Dictionary and Thesaurus review

Reviews 11:23, 9 Mar 2010

We review Dictionary and Thesaurus for BlackBerry, an app that's all about the words

Smartphones really do change the way we do things. We used to carry around A to Zs and road atlases, now we have Google Maps.

We used to go into libraries to look things up in encyclopaedias, and now Wikipedia and the web are just a click away. So what’s happening to the dictionary, that staple of the bookshelves?

The folk at Dictionary.com are putting it into our phones too, with their first BlackBerry application, Dictionary and Thesaurus.

Just fill in the word you want to define, then choose Dictionary or Thesaurus, and click search.

The dictionary gives you the definition and the pronunciation, along with a sound snippet of the word so you can hear the pronunciation.

If you’ve spelt the word wrong you’re given a possible match, along with a list of words that could be the one you’re trying to define.

The thesaurus option is more use for creative writers, or for crossword puzzlers, as it gives you lists of different words that have the same or similar meaning.

You can check on what you’ve looked up recently using the Recent button, which gives you a list of your recent searches.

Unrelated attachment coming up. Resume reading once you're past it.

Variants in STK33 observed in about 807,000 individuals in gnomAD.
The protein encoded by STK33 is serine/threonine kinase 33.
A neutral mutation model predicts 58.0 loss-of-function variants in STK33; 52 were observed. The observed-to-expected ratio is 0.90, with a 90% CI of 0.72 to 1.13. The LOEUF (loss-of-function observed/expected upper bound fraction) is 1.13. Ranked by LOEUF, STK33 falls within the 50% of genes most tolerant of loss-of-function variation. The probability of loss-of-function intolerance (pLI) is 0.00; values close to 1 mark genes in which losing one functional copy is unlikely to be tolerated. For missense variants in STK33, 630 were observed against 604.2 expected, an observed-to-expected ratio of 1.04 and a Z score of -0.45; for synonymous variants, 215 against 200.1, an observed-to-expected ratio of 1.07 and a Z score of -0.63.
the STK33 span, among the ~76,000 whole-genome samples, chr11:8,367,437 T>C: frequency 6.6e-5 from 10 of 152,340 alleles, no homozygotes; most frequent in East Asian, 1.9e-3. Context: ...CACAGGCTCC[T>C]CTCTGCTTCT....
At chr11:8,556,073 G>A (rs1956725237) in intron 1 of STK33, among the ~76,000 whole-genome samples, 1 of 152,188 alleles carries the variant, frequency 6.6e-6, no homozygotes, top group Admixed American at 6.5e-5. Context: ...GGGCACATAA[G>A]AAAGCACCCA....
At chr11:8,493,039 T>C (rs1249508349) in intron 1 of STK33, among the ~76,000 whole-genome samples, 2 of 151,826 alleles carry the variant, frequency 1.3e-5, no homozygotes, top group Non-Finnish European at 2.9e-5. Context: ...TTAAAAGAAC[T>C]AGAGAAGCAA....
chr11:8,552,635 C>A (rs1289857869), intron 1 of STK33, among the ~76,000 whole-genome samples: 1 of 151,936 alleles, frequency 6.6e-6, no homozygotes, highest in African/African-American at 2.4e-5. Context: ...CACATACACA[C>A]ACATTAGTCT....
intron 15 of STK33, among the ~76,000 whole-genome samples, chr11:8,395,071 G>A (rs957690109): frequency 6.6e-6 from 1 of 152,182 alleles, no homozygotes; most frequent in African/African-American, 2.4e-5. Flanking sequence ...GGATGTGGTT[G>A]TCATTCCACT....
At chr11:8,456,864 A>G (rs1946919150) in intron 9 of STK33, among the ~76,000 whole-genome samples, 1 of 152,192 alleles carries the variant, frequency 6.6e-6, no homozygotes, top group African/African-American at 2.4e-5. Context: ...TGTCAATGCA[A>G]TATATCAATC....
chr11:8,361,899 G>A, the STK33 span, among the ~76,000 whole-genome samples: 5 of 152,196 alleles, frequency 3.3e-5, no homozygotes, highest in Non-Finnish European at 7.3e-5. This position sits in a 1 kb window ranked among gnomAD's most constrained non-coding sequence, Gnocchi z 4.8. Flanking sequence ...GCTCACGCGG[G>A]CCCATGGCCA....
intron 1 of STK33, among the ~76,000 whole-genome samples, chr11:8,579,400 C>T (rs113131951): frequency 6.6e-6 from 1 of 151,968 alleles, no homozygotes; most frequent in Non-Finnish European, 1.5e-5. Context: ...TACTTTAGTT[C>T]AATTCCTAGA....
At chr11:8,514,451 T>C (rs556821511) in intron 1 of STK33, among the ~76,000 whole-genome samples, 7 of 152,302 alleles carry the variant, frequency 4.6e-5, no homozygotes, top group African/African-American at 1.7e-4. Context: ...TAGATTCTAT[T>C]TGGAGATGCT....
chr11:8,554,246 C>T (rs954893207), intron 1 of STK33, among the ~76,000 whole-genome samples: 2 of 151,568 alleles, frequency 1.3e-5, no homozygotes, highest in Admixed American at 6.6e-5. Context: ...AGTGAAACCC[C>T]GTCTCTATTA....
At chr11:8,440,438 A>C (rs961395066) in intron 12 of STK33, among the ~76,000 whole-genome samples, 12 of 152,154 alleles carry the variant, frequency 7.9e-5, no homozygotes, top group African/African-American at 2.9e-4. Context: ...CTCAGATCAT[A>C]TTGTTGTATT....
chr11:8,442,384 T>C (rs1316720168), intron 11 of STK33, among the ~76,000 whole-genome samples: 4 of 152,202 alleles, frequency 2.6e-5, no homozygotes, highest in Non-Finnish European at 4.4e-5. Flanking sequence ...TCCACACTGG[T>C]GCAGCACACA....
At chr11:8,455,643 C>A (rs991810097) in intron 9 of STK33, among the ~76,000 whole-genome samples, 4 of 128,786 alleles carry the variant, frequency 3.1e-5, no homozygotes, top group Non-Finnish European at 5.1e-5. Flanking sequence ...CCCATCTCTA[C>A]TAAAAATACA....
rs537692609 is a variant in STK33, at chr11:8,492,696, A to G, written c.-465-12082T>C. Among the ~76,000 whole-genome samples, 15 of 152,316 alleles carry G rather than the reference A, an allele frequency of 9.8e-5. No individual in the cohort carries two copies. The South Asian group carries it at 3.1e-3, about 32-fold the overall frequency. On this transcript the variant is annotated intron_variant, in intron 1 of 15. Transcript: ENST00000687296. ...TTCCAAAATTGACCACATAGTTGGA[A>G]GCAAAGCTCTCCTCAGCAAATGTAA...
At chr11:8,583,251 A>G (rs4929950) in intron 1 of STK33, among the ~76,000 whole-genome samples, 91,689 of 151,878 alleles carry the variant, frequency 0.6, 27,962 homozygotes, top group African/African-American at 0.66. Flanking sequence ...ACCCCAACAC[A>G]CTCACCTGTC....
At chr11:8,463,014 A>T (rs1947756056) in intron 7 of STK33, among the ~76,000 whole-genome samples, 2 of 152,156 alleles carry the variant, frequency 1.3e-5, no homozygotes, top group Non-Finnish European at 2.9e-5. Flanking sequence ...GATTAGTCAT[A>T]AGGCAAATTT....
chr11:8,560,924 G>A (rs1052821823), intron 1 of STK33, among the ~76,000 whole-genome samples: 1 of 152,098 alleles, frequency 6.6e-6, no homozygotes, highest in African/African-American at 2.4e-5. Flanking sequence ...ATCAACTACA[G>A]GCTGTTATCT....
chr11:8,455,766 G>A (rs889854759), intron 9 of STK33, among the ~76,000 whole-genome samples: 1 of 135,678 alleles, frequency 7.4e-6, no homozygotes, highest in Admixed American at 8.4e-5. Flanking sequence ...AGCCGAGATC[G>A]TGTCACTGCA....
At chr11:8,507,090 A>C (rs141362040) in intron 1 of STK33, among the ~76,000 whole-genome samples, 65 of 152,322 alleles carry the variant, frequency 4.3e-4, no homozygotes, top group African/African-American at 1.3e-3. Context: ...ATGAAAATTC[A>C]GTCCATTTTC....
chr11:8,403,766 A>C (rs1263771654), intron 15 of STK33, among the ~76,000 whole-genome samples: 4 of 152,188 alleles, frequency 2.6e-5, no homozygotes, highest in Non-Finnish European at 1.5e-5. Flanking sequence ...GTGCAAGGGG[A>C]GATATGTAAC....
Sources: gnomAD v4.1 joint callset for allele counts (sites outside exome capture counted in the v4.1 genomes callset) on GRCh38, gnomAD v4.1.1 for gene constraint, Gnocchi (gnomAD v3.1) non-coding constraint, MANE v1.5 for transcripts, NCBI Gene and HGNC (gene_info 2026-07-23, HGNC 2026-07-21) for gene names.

You can cut and paste words from other application, or you can take advantage of Dictionary and Thsaurus’ integration with the BlackBerry’s built-in applications.

Definitions can be SMSed or emailed to friends. It’s a good way of proving to your friends that, yes, you were right (but don’t use this power for evil – so no texting the answers in the middle of a pub quiz!).

Word of the Day is an online version of those old Reader’s Digest “It Pays to Increase Your Word Power” features. 

You get a word, followed by its definition, along with examples of usage – and some important trivia about the word, including its history and its cultural significance.

Where Dictionary.com’s service differs is that it’s multilingual, with a Spanish version alongside the English.

So know we know that the Spanish word “barba”, meaning beard, also means “fan”.

This is really a BlackBerry-formatted version of the Dictionary.com web site.

That’s not a bad thing, but it does mean that you need to be online to use it. Still, it’s a handy tool to have around, and doesn’t take up much space on your phone.

Dictionary and Thesaurus info

Ease of use:
Value:
Features:
Overall

Platform: BlackBerry

Cost: Free

Developer: Dictionary.com

Website/Demo: Download from App World

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